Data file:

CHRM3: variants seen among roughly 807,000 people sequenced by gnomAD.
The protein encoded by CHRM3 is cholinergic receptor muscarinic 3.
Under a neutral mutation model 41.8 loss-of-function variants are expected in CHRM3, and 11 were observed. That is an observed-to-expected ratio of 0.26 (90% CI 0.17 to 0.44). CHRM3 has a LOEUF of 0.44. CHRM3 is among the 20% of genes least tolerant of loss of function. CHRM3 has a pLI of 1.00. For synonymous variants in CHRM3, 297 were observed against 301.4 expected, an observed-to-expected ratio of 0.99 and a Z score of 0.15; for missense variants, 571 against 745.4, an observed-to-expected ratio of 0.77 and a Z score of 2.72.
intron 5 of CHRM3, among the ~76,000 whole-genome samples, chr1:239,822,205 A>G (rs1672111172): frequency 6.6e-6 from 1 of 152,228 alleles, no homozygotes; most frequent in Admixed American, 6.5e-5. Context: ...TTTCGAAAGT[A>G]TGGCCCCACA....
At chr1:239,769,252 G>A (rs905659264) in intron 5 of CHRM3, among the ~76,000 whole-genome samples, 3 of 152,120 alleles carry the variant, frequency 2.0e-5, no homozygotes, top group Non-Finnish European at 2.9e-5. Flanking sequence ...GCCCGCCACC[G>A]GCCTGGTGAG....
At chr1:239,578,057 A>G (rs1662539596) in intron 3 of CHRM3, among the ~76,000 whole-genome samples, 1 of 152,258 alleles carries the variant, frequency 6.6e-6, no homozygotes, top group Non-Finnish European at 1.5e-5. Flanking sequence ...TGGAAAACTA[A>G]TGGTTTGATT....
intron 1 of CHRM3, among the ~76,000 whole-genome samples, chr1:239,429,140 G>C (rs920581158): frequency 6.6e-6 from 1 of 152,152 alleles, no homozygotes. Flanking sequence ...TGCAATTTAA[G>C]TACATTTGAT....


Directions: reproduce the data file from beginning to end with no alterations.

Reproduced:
CHRM3: variants seen among roughly 807,000 people sequenced by gnomAD.
The protein encoded by CHRM3 is cholinergic receptor muscarinic 3.
Under a neutral mutation model 41.8 loss-of-function variants are expected in CHRM3, and 11 were observed. That is an observed-to-expected ratio of 0.26 (90% CI 0.17 to 0.44). CHRM3 has a LOEUF of 0.44. CHRM3 is among the 20% of genes least tolerant of loss of function. CHRM3 has a pLI of 1.00. For synonymous variants in CHRM3, 297 were observed against 301.4 expected, an observed-to-expected ratio of 0.99 and a Z score of 0.15; for missense variants, 571 against 745.4, an observed-to-expected ratio of 0.77 and a Z score of 2.72.
intron 5 of CHRM3, among the ~76,000 whole-genome samples, chr1:239,822,205 A>G (rs1672111172): frequency 6.6e-6 from 1 of 152,228 alleles, no homozygotes; most frequent in Admixed American, 6.5e-5. Context: ...TTTCGAAAGT[A>G]TGGCCCCACA....
At chr1:239,769,252 G>A (rs905659264) in intron 5 of CHRM3, among the ~76,000 whole-genome samples, 3 of 152,120 alleles carry the variant, frequency 2.0e-5, no homozygotes, top group Non-Finnish European at 2.9e-5. Flanking sequence ...GCCCGCCACC[G>A]GCCTGGTGAG....
At chr1:239,578,057 A>G (rs1662539596) in intron 3 of CHRM3, among the ~76,000 whole-genome samples, 1 of 152,258 alleles carries the variant, frequency 6.6e-6, no homozygotes, top group Non-Finnish European at 1.5e-5. Flanking sequence ...TGGAAAACTA[A>G]TGGTTTGATT....
intron 1 of CHRM3, among the ~76,000 whole-genome samples, chr1:239,429,140 G>C (rs920581158): frequency 6.6e-6 from 1 of 152,152 alleles, no homozygotes. Flanking sequence ...TGCAATTTAA[G>C]TACATTTGAT....